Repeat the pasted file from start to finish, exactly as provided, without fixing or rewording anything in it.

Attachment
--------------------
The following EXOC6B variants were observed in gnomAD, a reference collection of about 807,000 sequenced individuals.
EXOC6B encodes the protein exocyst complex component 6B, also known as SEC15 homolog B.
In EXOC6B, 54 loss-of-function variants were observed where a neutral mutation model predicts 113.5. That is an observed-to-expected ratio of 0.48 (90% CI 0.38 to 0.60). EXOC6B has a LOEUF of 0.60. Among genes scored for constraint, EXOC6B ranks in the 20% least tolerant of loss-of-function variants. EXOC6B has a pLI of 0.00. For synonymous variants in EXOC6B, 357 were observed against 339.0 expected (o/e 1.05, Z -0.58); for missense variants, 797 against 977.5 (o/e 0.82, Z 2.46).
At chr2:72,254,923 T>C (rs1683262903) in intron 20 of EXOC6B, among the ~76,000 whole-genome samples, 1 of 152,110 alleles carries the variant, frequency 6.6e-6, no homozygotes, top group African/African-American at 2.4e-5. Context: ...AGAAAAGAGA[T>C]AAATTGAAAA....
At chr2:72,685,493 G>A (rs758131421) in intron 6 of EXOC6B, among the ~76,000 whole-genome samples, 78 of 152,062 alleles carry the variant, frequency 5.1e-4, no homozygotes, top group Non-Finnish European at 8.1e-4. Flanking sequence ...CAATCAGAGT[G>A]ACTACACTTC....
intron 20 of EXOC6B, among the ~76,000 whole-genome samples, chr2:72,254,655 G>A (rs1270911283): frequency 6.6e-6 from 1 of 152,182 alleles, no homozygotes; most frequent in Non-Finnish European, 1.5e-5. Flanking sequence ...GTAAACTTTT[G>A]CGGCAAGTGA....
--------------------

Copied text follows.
The following EXOC6B variants were observed in gnomAD, a reference collection of about 807,000 sequenced individuals.
EXOC6B encodes the protein exocyst complex component 6B, also known as SEC15 homolog B.
In EXOC6B, 54 loss-of-function variants were observed where a neutral mutation model predicts 113.5. That is an observed-to-expected ratio of 0.48 (90% CI 0.38 to 0.60). EXOC6B has a LOEUF of 0.60. Among genes scored for constraint, EXOC6B ranks in the 20% least tolerant of loss-of-function variants. EXOC6B has a pLI of 0.00. For synonymous variants in EXOC6B, 357 were observed against 339.0 expected (o/e 1.05, Z -0.58); for missense variants, 797 against 977.5 (o/e 0.82, Z 2.46).
At chr2:72,254,923 T>C (rs1683262903) in intron 20 of EXOC6B, among the ~76,000 whole-genome samples, 1 of 152,110 alleles carries the variant, frequency 6.6e-6, no homozygotes, top group African/African-American at 2.4e-5. Context: ...AGAAAAGAGA[T>C]AAATTGAAAA....
At chr2:72,685,493 G>A (rs758131421) in intron 6 of EXOC6B, among the ~76,000 whole-genome samples, 78 of 152,062 alleles carry the variant, frequency 5.1e-4, no homozygotes, top group Non-Finnish European at 8.1e-4. Flanking sequence ...CAATCAGAGT[G>A]ACTACACTTC....
intron 20 of EXOC6B, among the ~76,000 whole-genome samples, chr2:72,254,655 G>A (rs1270911283): frequency 6.6e-6 from 1 of 152,182 alleles, no homozygotes; most frequent in Non-Finnish European, 1.5e-5. Flanking sequence ...GTAAACTTTT[G>A]CGGCAAGTGA....